An Examination of General Aggression and Intimate Partner Violence in Women With Posttraumatic Stress Disorder
Abstract:Research has documented significant relationships between posttraumatic stress disorder (PTSD), aggression, and intimate partner violence (IPV). Most of these studies have focused on men and measured violence by self-report. This study examined (a) the association between PTSD and general aggression among women, (b) the association between IPV and PTSD among married and/or cohabitating couples, and (c) the concordance between self and collateral reports of IPV. One hundred twenty participants provided information about PTSD symptoms and general aggression toward others, and 43 married and/or cohabitating couples provided information about PTSD and IPV. Women with PTSD reported more general aggression, IPV perpetration, and IPV victimization. Collateral informants of those with and without PTSD did not differ significantly in their report of IPV. Concordance between participants and spouses or partners was low to moderate. These results are discussed within the context of extant IPV literature.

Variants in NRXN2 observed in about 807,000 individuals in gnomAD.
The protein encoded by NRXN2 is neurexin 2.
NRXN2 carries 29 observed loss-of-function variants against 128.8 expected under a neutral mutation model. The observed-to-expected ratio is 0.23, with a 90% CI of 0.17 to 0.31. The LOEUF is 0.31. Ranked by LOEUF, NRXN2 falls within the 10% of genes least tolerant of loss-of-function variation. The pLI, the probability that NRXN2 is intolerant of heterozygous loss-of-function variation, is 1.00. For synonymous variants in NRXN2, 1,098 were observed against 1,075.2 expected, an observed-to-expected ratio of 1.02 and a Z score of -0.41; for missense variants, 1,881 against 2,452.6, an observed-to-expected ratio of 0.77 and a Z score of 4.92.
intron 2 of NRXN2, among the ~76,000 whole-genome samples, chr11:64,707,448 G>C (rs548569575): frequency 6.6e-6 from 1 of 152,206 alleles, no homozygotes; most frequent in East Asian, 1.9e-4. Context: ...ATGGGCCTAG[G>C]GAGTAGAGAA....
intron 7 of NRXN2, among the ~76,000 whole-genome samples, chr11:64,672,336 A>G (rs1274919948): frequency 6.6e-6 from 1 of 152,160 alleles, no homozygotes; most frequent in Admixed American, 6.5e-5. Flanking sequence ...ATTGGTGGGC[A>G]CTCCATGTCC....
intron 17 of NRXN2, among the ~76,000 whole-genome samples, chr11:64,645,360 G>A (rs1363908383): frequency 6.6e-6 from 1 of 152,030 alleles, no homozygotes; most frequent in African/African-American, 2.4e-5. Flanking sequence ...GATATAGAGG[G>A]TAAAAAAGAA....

Document Type: Research Article
Publication date: October 1, 2012
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- Violence and Victims discusses theory, research, policy, and clinical practice in the area of interpersonal violence and victimization across such disciplines as psychology, sociology, criminology, law, medicine, nursing, psychiatry, and social work.
The journal's 2012 Impact Factor is 0.981.
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